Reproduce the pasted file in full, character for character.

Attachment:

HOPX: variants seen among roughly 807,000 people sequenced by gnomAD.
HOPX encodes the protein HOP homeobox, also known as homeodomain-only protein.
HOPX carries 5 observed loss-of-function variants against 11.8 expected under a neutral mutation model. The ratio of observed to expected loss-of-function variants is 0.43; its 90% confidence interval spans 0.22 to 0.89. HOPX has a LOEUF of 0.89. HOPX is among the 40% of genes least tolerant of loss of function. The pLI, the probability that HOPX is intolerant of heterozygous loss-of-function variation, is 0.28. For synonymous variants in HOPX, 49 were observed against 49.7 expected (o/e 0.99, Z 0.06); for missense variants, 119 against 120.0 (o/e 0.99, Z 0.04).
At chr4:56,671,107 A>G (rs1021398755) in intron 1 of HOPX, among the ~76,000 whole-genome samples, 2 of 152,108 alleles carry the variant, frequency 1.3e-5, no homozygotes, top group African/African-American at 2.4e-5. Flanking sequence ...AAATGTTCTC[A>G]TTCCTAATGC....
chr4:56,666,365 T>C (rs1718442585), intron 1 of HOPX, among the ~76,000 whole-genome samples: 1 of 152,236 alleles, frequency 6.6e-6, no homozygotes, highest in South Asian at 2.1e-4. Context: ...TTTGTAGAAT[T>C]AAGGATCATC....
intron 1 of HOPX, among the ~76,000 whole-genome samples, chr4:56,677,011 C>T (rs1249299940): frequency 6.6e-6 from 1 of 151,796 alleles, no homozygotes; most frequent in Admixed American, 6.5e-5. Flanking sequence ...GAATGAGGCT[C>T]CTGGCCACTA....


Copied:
HOPX: variants seen among roughly 807,000 people sequenced by gnomAD.
HOPX encodes the protein HOP homeobox, also known as homeodomain-only protein.
HOPX carries 5 observed loss-of-function variants against 11.8 expected under a neutral mutation model. The ratio of observed to expected loss-of-function variants is 0.43; its 90% confidence interval spans 0.22 to 0.89. HOPX has a LOEUF of 0.89. HOPX is among the 40% of genes least tolerant of loss of function. The pLI, the probability that HOPX is intolerant of heterozygous loss-of-function variation, is 0.28. For synonymous variants in HOPX, 49 were observed against 49.7 expected (o/e 0.99, Z 0.06); for missense variants, 119 against 120.0 (o/e 0.99, Z 0.04).
At chr4:56,671,107 A>G (rs1021398755) in intron 1 of HOPX, among the ~76,000 whole-genome samples, 2 of 152,108 alleles carry the variant, frequency 1.3e-5, no homozygotes, top group African/African-American at 2.4e-5. Flanking sequence ...AAATGTTCTC[A>G]TTCCTAATGC....
chr4:56,666,365 T>C (rs1718442585), intron 1 of HOPX, among the ~76,000 whole-genome samples: 1 of 152,236 alleles, frequency 6.6e-6, no homozygotes, highest in South Asian at 2.1e-4. Context: ...TTTGTAGAAT[T>C]AAGGATCATC....
intron 1 of HOPX, among the ~76,000 whole-genome samples, chr4:56,677,011 C>T (rs1249299940): frequency 6.6e-6 from 1 of 151,796 alleles, no homozygotes; most frequent in Admixed American, 6.5e-5. Flanking sequence ...GAATGAGGCT[C>T]CTGGCCACTA....